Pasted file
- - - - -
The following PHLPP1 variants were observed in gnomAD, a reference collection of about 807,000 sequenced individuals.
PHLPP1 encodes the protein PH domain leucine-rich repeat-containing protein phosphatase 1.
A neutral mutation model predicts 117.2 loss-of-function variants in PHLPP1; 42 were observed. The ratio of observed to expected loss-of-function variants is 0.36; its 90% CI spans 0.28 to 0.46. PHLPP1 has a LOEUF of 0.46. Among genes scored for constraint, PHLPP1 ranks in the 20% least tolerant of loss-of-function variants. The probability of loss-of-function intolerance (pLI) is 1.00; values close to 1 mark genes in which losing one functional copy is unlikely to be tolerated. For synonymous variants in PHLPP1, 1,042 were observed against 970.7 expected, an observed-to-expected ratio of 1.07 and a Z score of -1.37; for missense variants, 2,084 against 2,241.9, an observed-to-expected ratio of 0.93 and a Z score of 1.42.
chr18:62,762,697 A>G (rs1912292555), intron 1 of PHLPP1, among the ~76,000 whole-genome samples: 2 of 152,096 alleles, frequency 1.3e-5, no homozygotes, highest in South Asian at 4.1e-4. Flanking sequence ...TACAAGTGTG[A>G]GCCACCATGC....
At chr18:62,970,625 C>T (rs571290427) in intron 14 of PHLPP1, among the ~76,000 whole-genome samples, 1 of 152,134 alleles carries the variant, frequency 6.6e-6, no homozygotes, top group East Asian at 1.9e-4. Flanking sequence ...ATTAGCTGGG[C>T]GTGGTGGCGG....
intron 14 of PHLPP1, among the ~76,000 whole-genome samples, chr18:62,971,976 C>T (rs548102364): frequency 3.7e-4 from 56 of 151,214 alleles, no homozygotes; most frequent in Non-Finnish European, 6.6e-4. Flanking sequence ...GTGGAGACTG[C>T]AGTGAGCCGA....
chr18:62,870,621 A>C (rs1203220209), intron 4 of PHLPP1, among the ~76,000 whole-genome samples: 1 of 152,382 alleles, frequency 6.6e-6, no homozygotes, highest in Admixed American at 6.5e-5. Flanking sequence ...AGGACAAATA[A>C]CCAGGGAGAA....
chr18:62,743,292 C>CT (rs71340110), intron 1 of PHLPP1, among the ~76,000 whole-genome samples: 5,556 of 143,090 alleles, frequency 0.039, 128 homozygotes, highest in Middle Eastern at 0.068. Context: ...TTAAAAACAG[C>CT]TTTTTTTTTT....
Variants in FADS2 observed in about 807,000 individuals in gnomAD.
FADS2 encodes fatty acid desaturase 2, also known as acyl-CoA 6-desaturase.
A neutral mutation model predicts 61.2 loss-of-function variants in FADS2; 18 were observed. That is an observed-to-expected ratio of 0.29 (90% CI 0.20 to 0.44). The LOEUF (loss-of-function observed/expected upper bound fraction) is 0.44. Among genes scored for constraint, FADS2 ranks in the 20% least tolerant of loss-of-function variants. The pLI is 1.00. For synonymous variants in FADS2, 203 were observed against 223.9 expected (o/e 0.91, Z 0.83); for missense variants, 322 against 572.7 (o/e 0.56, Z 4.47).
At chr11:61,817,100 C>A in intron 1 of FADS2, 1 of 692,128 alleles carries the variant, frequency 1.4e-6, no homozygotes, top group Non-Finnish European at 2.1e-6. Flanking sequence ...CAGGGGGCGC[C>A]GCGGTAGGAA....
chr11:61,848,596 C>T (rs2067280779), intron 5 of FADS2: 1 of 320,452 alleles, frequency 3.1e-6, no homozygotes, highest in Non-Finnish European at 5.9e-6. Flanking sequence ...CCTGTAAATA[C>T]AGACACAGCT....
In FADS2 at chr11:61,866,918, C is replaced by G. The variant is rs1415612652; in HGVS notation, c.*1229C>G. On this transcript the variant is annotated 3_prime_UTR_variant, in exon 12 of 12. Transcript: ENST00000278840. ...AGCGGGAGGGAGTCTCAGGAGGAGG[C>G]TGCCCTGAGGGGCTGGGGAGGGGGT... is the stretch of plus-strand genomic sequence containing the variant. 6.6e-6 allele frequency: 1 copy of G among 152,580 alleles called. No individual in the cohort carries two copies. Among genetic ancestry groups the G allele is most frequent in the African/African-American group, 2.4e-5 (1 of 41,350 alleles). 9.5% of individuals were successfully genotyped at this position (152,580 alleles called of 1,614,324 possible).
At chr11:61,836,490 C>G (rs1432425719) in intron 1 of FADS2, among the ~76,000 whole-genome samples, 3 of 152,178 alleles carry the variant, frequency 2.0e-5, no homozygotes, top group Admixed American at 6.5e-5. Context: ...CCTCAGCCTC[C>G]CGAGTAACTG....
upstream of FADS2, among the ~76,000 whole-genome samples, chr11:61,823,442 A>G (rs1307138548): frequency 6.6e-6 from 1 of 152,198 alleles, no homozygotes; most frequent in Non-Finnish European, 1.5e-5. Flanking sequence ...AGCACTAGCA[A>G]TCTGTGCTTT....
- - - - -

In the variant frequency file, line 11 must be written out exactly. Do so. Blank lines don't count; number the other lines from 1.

A neutral mutation model predicts 61.2 loss-of-function variants in FADS2; 18 were observed. That is an observed-to-expected ratio of 0.29 (90% CI 0.20 to 0.44). The LOEUF (loss-of-function observed/expected upper bound fraction) is 0.44. Among genes scored for constraint, FADS2 ranks in the 20% least tolerant of loss-of-function variants. The pLI is 1.00. For synonymous variants in FADS2, 203 were observed against 223.9 expected (o/e 0.91, Z 0.83); for missense variants, 322 against 572.7 (o/e 0.56, Z 4.47).